Community-acquired pneumonia: Updates in local treatment strategy and clinical experience with levofloxacin

7 October, 2021

Dr Chu Thi Hanh
Head of Respiratory Department
Tam Anh General Hospital

According to the Survey of Antibiotic Resistance (SOAR) – an ongoing surveillance study of key respiratory pathogens – susceptibility to macrolides in South Korea was relatively low at 20% and ranged from 50% to 60% in Thailand, India and Singapore.1 The Asian Network for Surveillance of Resistant Pathogens (ANSORP) has also reported a high prevalence of macrolide resistance in Streptococcus pneumoniae isolates.2 Levofloxacin is a well established treatment option for lower respiratory tract infections (LRTI) – particularly since it is active against some macrolide-resistant respiratory pathogens.3

Dr Chu Thi Hanh – Head of Respiratory Department at Tam Anh General Hospital – provides an update on the treatment strategy for community acquired pneumonia (CAP) in Vietnam and shares her clinical experience with levofloxacin in the treatment of LRTI.


Q1. What are the current guidelines for the treatment of CAP in Vietnam? Have local efforts to improve antibiotic prescribing changed these guidelines in any way?

In Vietnam, we have guidelines for the diagnosis and treatment of adult CAP from the Ministry of Health of Vietnam 2020. These guidelines are similar to the guidelines of the American Thoracic Society (ATS) and Infectious Diseases Society (IDS) of America 2019. We have introduced our guidelines in scientific conferences, seminars by the Vietnam Respiratory Society and Ha Noi Respiratory Society, and during teaching of postgraduate doctors. Since these guidelines are approved by the Ministry of Health, they drive the diagnostic and treatment procedure in all hospitals and clinics in Vietnam. However, specific antimicrobial choice for specific indications is based on local resistance patterns. Unfortunately, in many areas in Vietnam, there is a lack of data on antibiotic resistance patterns. In addition, many people buy antibiotics without a prescription; the three most commonly sold antibiotics are amoxicillin, cephalexin and azithromycin. This poses a challenge for us when choosing antibiotics for these patients who self-prescribe and may have developed resistance. Hopefully, stricter management of antibiotic use will improve this problem.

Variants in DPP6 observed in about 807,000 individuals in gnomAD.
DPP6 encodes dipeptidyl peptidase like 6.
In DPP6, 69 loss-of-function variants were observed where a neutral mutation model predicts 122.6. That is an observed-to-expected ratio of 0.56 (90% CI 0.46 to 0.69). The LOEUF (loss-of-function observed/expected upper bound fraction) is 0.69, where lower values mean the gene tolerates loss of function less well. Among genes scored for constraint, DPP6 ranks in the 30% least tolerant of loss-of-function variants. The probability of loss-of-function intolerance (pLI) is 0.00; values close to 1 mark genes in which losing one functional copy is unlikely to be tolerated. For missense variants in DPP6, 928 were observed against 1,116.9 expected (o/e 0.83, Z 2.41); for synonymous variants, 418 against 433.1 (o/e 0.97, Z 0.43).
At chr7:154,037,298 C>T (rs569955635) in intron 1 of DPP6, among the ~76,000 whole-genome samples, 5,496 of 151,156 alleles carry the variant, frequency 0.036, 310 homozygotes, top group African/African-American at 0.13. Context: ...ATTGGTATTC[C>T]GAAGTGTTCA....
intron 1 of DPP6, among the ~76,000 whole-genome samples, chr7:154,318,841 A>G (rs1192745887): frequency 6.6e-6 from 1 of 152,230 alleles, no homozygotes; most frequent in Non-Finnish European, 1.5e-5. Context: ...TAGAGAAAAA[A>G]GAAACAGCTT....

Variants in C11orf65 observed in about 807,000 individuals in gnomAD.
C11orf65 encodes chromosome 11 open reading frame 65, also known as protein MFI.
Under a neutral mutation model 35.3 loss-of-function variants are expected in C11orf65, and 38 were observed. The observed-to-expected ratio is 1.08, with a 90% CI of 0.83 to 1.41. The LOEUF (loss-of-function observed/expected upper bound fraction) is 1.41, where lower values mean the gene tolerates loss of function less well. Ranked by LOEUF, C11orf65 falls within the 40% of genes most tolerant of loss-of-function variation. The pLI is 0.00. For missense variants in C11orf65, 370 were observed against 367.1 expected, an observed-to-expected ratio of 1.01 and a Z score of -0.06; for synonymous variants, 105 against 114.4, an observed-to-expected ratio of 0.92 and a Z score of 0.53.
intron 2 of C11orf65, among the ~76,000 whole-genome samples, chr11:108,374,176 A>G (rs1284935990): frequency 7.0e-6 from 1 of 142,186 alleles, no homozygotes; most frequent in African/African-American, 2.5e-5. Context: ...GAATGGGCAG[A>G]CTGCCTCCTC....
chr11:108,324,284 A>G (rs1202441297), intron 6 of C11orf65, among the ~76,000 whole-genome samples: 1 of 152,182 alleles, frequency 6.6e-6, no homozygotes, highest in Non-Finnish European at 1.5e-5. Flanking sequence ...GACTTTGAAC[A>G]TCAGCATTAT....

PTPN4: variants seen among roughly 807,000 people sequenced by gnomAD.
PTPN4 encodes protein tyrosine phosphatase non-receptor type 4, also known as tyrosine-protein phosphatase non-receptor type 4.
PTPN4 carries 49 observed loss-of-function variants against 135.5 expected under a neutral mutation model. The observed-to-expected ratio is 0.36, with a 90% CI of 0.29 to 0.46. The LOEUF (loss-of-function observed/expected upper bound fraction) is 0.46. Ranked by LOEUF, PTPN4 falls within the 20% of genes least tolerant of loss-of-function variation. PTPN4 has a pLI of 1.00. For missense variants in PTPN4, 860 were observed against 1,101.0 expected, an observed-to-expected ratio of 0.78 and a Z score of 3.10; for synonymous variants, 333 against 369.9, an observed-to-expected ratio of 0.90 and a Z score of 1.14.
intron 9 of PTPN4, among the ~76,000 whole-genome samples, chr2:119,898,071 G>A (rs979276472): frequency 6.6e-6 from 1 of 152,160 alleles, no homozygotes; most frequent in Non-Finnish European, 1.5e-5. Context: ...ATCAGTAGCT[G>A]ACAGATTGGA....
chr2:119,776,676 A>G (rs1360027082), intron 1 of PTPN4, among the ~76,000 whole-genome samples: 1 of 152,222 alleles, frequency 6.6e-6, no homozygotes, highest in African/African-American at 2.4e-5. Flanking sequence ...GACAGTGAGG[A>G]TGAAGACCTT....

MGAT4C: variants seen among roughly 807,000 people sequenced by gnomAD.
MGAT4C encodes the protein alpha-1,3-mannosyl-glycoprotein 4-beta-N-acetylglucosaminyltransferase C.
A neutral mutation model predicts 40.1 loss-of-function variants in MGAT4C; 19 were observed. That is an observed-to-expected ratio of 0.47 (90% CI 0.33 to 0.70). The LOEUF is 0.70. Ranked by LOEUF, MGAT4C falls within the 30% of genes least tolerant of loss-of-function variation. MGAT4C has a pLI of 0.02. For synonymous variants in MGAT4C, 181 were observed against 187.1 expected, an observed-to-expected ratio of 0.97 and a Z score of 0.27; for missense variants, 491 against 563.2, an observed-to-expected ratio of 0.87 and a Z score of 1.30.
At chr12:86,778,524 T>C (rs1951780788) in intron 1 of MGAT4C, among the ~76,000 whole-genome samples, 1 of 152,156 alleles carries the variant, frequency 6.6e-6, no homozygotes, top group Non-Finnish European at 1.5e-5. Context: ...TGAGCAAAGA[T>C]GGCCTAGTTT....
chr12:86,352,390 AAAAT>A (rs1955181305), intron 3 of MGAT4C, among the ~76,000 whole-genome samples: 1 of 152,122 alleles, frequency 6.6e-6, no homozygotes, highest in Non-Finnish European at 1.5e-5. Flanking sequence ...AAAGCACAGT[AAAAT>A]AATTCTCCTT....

Q2. What treatment is usually given for LRTI before hospital admission? What is the treatment strategy commonly used when patients are hospitalised for CAP?

The common LRTI conditions include acute bronchitis, pneumonia, exacerbations of obstructive pulmonary disease (COPD), exacerbations of bronchiectasis, and lung abscess. Antibiotic treatment should be considered in patients with LRTI with suspected or definite pneumonia and selected exacerbations of COPD or bronchiectasis. The choice of antibiotic depends on the specific status of the patient. For example, to treat an outpatient with pneumonia, we usually use monotherapy with a beta-lactam with or without beta-lactamase, or azithromycin or clarithromycin for young healthy patients. For patients with comorbidities such as chronic cardiovascular disease, lung, liver or renal disease, or diabetes mellitus, we may choose beta-lactam with/without beta-lactamase and a macrolide, or we use monotherapy with a respiratory fluoroquinolone like levofloxacin or moxifloxacin. In addition, symptoms such as symptomatic acute cough should be treated.

Similarly, in the inpatient setting, antibiotic treatment for CAP depends on the condition and history of the patient. In inpatient adults with non-severe CAP without risk factors for methicillin-resistant Staphylococcus aureus (MRSA) or Pseudomonas aeruginosa, we choose a combination of beta-lactam with/without beta-lactamase and a macrolide, doxycycline or respiratory fluoroquinolone. In patients with severe CAP without risk factors for MRSA or P. aeruginosa, we often choose a third generation cephalosporine or carbapenem plus a respiratory fluoroquinolone or aminoglycoside. If the patient has risk factors for P. aeruginosa, we use beta-lactam/beta-lactamase or ceftazidime, cefepime or carbapenem plus a fluoroquinolone (levofloxacin). We will add vancomycin or linezolid for patients with risk factors for MRSA.